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Embeddable fonts in Communicator

From: Erik van Blokland <evb@KNOWARE.NL>
Date: Thu, 20 Feb 97 20:48:16 +0200
Message-Id: <199702201948.UAA25156@kalvermarkt.denhaag.dataweb.net>
To: "w3 webfonts" <www-font@w3.org>
Fahrner quoting Andrew Joslin:
>The outline information in the PFR is encrypted to prevent piracy. Hackers
>could conceivably crack the PFR's but they'd have to collect a lot of them
>and do major tweakage in Fontographer before they could assemble a maybe
>complete character set including redoing hinting, character mapping and
>kerning (can you spell get a life?). I think the labor involved and
>difficulty in  assembling COMPLETE coherent character sets will make font
>pirating from PFR's a miserable occupation. 

The same methods Truedoc uses to assemble a font these fonts can be 
disassembled. Character collecting can easily be automated, especially 
when the whole font machine is accessible by writing a Netscape-plugin 
for it. Subsetting is a compression method, not a piracy preventer. Then 
the whole security hinges on the encryption, which can be broken in 10 
minutes, as Clive has proven.

This might not even be necessary when authoring software emerges that 
allows  Truedoc fonts that arrive from one webpage to be added to another 
one. Recycling fontdata. Perhaps not all characters are present, but 
perhaps not all are needed either. Current descriptions of 
Truedoc/Netscape systems do not specify whether Truedoc fonts can be 
re-used, neither do they promise that this will not be the case in the 
future, neither is there a garantee that Truedoc will not be licensed to 
companies with shady background in type.

The clever semantics of Bitstream are getting old. A file containing a 
typeface description is a font by any standard. Calling the Truedoc fonts 
'portable font resources' is a way of being gramatically correct when 
saying Truedoc documents don't contain fonts. But lets not kid ourselves, 
for all intents and purposes, PFR's are fonts. They're just as portable 
as Truetype fonts or type1 fonts, and contain just as many curves and 
serifs. 
PFR relies on a Truedoc rasteriser being present on the client system, 
just other fonts like to be rastered by their own rasterisers. There is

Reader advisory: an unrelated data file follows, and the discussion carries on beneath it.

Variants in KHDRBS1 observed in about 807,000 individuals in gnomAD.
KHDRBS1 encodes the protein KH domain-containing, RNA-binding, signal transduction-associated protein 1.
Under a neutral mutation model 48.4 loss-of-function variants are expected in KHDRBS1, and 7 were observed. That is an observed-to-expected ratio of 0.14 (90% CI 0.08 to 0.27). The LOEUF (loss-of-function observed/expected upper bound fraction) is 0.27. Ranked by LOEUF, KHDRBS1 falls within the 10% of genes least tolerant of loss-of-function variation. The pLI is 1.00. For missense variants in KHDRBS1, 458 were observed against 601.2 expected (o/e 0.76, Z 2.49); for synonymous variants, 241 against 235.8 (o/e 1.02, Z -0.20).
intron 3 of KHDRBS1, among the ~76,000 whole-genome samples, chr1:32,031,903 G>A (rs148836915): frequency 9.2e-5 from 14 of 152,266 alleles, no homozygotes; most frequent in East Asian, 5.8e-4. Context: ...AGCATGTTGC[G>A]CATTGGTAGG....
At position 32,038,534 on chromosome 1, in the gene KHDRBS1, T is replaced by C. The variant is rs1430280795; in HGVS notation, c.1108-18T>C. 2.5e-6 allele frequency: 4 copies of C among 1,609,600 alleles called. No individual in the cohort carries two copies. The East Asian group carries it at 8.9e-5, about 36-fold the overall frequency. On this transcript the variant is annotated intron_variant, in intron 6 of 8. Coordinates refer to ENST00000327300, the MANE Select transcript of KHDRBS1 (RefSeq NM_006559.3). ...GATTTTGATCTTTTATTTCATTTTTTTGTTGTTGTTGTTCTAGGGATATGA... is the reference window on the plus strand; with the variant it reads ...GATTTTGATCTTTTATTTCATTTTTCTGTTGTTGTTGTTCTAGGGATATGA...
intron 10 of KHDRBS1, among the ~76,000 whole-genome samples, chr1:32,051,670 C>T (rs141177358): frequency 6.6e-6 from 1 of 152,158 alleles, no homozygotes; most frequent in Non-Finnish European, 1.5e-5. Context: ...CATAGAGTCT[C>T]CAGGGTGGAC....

nothing remarkably portable about Truedoc, you still have to be in luck 
that some company somewhere decides to write software for your platform. 
Whether that's Microsoft, Adobe or Bitstream does not really matter. 
Their approach to intellectual property does matter. Microsoft and Adobe 
are at least trying to address the issues. Bitstream only invented a 
blanket excuse to the entire system and ignores it for the rest. Note 
that Bitstream has become yet another internet wannabe, and has severed 
most ties to their typographic past. The legal issues tied to Truedoc in 
most countries not USA will certainly be investigated and possibly tried 
in court. It's curious that Netscape is getting tied up with such a risky 
technology.

Bitstream has used the argument that Truedoc fonts are inseperable from 
the document as a way to illustrate that the PFR's really are not fonts. 
But this is losing credibility, as PFR fonts are now downloaded 
_separately_ from a server 'just like a gif or jpeg'. That means that 
unless something incredibly complicated (signatures?) happens, PFR fonts 
can be linked to by any other document as well, perhaps from an entirely 
different domain. 
Then the world needs only one single PFR on a site for every typeface 
used in the world! Subsetting this font can be easily subverted by making 
a document that contains all characters. PFR fonts can be offered as 
incentives, they can be traded, posted, mailed, reused. It's piracy 
coated with a thin layer of credibility. Serious flaws that threatens all 
type manufacturers.

As long as fonts cost money, there will be an incentive for getting them 
for free. Truedoc fonts in Netscape make that a whole lot easier. Better 
typographic capabilities for the web are quite necessary. But whether it 
is worth to put the whole type industry at risk for a small temporary 
advantage over someone else's browser is highly doubtful.

erik van blokland, LettError: Typestuff
      letterror  http://www.letterror.com
Received on Thursday, 20 February 1997 18:43:53 GMT

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